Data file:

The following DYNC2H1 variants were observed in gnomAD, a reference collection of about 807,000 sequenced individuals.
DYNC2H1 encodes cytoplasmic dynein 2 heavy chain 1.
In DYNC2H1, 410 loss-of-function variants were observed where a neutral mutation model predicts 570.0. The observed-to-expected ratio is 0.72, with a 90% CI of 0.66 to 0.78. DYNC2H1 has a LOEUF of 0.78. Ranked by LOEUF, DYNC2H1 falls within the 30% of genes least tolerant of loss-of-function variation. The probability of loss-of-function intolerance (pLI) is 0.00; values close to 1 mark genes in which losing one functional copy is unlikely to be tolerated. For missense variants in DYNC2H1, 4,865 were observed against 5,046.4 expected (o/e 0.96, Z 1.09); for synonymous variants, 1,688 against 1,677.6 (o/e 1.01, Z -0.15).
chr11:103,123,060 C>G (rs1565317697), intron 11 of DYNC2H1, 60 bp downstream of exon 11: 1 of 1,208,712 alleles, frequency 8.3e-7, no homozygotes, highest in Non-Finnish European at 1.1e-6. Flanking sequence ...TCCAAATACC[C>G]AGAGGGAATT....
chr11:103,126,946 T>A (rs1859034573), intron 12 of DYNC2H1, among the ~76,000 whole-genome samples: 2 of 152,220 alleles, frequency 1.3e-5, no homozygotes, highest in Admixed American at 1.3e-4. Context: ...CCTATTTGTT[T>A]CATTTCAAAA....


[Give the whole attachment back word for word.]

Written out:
The following DYNC2H1 variants were observed in gnomAD, a reference collection of about 807,000 sequenced individuals.
DYNC2H1 encodes cytoplasmic dynein 2 heavy chain 1.
In DYNC2H1, 410 loss-of-function variants were observed where a neutral mutation model predicts 570.0. The observed-to-expected ratio is 0.72, with a 90% CI of 0.66 to 0.78. DYNC2H1 has a LOEUF of 0.78. Ranked by LOEUF, DYNC2H1 falls within the 30% of genes least tolerant of loss-of-function variation. The probability of loss-of-function intolerance (pLI) is 0.00; values close to 1 mark genes in which losing one functional copy is unlikely to be tolerated. For missense variants in DYNC2H1, 4,865 were observed against 5,046.4 expected (o/e 0.96, Z 1.09); for synonymous variants, 1,688 against 1,677.6 (o/e 1.01, Z -0.15).
chr11:103,123,060 C>G (rs1565317697), intron 11 of DYNC2H1, 60 bp downstream of exon 11: 1 of 1,208,712 alleles, frequency 8.3e-7, no homozygotes, highest in Non-Finnish European at 1.1e-6. Flanking sequence ...TCCAAATACC[C>G]AGAGGGAATT....
chr11:103,126,946 T>A (rs1859034573), intron 12 of DYNC2H1, among the ~76,000 whole-genome samples: 2 of 152,220 alleles, frequency 1.3e-5, no homozygotes, highest in Admixed American at 1.3e-4. Context: ...CCTATTTGTT[T>A]CATTTCAAAA....